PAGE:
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Why OEE Still Matters

Though some say OEE (overall equipment effectiveness) is outdated, its use to continuously improve production operations across industry prove the value provided by this key metric.


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Welcome to Take Five with Automation World. I’m David Greenfield, Director of Content, and today we’re going to explain why the overall equipment effectiveness metric, typically referred to as OEE, still matters to industry. One of the reasons for a discussion on why OEE still matters is that there are some in industry who are questioning the value of OEE and referencing it as some archaic metric with little value to today’s manufacturing operations.

To start, I’ll note that what most OEE detractors point to is the fact that OEE can’t tell you how to fix an equipment issue. But it does show you where problems exist and is often an important metric for other technologies that can direct you in fixing specific problems. With that said, it’s important to realize what OEE is, as it’s never really been positioned—on its own—as a cure-all to equipment downtime.

Instead, it’s an equipment operations metric based on three factors: Equipment availability, which is the equipment run-time divided by planned production time for that specific asset; Performance, which is the ideal cycle time for an asset multiplied by total product or part count divided by the asset’s run time; and quality, which is the good part or product count divided by total count. So the main goal of OEE is to highlight areas of potential equipment problems to help improve efficiency, reduce downtime and operating expenses, and minimize waste. It remains a core manufacturing metric because of its ability to boil complex production problems down to relatively simple terms to drive continuous improvement.

According to LNS Analytics, OEE remains a top-three metric for manufacturers, with more than half of manufacturing analytics leaders saying they track OEE, which puts OEE behind only net profit margin tracking and on-time delivery tracking as a key manufacturing business metric.

Hunter Industries, a manufacturer of irrigation and outdoor lighting equipment, has long monitored OEE, starting with spreadsheets before moving to the Inductive Automation’s Ignition software platform in 2013. The company fuels its OEE calculations with real-time data from PLCs using a mix of automated and manual methods. The results are regularly served up to employees via visual dashboards on the plant floor, enabling them to monitor issues and make adjustments as needed.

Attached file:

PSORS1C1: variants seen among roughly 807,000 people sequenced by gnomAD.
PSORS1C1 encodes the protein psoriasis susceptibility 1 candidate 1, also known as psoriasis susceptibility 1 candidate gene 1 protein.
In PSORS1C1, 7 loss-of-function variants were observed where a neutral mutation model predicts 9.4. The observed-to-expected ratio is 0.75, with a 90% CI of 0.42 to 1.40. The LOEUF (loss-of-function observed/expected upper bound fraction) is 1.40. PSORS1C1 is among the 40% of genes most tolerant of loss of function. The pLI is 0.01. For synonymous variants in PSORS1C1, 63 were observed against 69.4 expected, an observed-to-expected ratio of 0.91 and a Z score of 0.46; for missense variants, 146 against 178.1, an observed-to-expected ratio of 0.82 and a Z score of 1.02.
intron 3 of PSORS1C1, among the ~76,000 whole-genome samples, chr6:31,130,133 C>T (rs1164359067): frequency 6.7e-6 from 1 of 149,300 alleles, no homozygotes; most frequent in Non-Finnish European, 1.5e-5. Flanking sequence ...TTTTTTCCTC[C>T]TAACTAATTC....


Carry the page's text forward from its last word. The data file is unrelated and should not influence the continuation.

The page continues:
Saint Gobain Sekurit, a manufacturer of glass glazing systems, is another strong proponent of OEE to measure and compare performance across its global factories, as well as for capacity planning. OEE is reported per shift and once daily drawing from the company’s MES system, along with some manual data entry. The company recently advanced its OEE reporting using Litmus’s edge data platform to automate data collection and allow remote access to OEE data about the performance of key manufacturing lines. These OEE metrics are not only used by plant floor personnel, they’re also accessible to managers in logistics, supply chain, and maintenance operations to help them focus on continuous improvement, whether that involves adjustments to spare parts inventory or addressing equipment reliability issues.

For Glidewell Dental, a manufacturer of restorative dental devices, OEE is part of an end-to-end automation initiative. Glidewell calculates OEE with the support of Beckhoff Automation’s industrial PCs and TwinCAT3 automation platform. Using these technologies, Glidewell calculates OEE every 15 minutes at the machine level to extrapolate data for the entire production line. These OEE calculations help evaluate how many parts are rejected against whether a machine is down because it produced too many parts or is running at too high a calibration.

At Cascades Canada, a paper and pulp processor, OEE calculations are regularly performed at the individual machine and line level, but the metric is also used at the plant level to drive continuous improvement and keep its multiple sites focused on the same business goals. Cascades manages OEE through mostly manual processes with individual operators using a homegrown system to capture data from a variety of legacy platforms and an SAP ERP system to calculate scores. More recently, its OEE efforts are being enhanced by a project to holistically improve asset health across its 70 plants using Emerson Automation Solutions’ condition monitoring technologies.

More info on OEE guidelines can be accessed at PMMI’s OpX Leadership Network via the link shown here.         

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